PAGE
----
The NHS is no longer the outstanding institution it once was, or at least it still is in the left's eyes. It was a model appropriate for 1948, but not 2018. This year will mark seventy years since the NHS was established, but it is important to remember the context it was created in.

Our health service was created three years after the Second World War. Britain was poor because of six years of horrific conflict. The Attlee government brought in sweeping reforms designed to prevent the UK from being crippled by a sluggish economy and debt. The population was smaller than it is today. In the 1970s, the quality of British healthcare drastically improved.

"The King's Fund anticipates health spending will reach twenty per cent of GDP by 2050"

Times have changed. The NHS cannot go on like this, especially when the King's Fund anticipates health spending will reach twenty per cent of GDP by 2050. The population is significantly larger than it was in 1948. And no matter how much cash any government pours into it, it is never enough to prevent the NHS from reaching 'breaking point', as the left and the press scream every year. This is the problem though. Whether it is a Labour or Conservative administration that has tried to reform the health service, the media claim it is privatisation. No one wants an American healthcare model. Thirty-five per cent of Americans fail to pay their health bills. Is this really a model the UK should copy? There are 165 other nations whose health services Britain can emulate.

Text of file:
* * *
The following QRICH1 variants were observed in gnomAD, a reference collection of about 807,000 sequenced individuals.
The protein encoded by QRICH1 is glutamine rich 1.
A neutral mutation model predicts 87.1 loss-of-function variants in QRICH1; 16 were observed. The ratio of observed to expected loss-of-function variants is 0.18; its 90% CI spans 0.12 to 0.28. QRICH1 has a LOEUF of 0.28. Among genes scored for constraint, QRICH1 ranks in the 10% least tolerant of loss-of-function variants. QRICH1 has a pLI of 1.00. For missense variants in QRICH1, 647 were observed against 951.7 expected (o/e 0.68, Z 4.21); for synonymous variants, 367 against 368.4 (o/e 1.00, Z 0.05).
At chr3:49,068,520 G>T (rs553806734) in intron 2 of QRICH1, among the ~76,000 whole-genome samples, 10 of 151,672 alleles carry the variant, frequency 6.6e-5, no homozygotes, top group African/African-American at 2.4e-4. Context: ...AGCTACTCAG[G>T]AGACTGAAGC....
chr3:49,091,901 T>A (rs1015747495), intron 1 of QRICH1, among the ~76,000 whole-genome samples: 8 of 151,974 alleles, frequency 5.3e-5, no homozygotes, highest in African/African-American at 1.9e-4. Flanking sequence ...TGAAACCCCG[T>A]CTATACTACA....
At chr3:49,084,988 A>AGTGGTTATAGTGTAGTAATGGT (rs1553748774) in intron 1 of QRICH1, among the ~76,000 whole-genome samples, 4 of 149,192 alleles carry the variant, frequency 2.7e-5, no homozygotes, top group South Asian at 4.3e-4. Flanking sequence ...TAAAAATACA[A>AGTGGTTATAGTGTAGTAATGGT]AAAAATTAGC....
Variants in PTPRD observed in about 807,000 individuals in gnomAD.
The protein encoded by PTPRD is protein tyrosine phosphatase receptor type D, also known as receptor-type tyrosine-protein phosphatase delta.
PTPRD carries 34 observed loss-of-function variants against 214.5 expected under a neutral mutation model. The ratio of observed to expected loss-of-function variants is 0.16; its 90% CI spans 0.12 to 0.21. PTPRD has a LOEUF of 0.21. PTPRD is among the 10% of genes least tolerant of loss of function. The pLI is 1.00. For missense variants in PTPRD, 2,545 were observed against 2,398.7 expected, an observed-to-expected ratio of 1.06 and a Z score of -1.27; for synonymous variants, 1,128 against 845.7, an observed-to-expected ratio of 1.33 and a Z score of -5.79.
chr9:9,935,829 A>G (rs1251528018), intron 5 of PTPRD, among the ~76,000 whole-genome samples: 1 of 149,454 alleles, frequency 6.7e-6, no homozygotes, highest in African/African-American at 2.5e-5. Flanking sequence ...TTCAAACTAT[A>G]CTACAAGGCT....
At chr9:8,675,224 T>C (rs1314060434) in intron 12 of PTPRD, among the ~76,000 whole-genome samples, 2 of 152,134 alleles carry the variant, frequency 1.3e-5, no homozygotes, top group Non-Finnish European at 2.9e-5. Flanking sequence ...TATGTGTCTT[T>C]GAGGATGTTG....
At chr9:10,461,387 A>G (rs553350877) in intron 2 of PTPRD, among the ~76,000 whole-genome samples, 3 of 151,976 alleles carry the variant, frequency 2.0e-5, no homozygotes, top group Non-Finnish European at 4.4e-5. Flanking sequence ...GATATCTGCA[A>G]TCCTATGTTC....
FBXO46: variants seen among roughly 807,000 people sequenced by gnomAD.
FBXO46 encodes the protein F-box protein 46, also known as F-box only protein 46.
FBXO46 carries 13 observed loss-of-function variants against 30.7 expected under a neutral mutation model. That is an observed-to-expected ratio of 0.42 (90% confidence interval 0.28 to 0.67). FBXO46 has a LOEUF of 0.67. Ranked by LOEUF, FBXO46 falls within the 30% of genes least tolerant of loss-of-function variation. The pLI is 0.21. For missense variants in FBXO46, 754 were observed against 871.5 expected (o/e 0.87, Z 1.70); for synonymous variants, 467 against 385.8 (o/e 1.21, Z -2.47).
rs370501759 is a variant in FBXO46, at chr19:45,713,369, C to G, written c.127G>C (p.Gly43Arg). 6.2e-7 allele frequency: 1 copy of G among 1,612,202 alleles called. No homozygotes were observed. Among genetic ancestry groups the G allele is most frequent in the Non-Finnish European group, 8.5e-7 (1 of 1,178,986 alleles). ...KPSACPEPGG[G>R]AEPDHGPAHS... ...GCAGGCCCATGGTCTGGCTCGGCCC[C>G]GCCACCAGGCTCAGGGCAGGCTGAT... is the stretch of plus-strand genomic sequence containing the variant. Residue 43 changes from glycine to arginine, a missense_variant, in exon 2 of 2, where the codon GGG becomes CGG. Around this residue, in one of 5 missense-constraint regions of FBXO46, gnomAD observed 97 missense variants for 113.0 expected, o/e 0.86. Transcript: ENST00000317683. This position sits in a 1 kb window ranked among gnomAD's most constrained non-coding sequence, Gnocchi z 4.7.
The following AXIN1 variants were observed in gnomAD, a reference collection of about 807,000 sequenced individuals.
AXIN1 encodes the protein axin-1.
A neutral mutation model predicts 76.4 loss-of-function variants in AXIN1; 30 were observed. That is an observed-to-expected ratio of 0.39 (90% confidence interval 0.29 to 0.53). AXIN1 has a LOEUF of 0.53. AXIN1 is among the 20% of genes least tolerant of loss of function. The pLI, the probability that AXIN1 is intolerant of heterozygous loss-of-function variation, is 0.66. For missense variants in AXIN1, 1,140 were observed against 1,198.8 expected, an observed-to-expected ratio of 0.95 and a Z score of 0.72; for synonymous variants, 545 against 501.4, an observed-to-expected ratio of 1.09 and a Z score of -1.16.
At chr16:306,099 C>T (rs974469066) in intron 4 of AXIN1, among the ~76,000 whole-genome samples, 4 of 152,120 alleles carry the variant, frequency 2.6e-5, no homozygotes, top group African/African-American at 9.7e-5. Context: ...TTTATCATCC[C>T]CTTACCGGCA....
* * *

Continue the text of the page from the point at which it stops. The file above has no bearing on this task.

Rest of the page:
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In Germany, the government, the private sector and charities each provide a third of the costs towards their healthcare system. If the NHS was deregulated, GPs would be allowed to charge for appointments, foreign visitors would be billed for using a British hospital and private healthcare would be more affordable. The latter solution would ease pressure off public hospitals and save taxpayers money. Cancelled operations cost the NHS £600 million-a-year as it is.

Britain's healthcare will not improve until future governments are bold enough to tackle its problems. The NHS is the third worst healthcare system in the world. It is time to change that.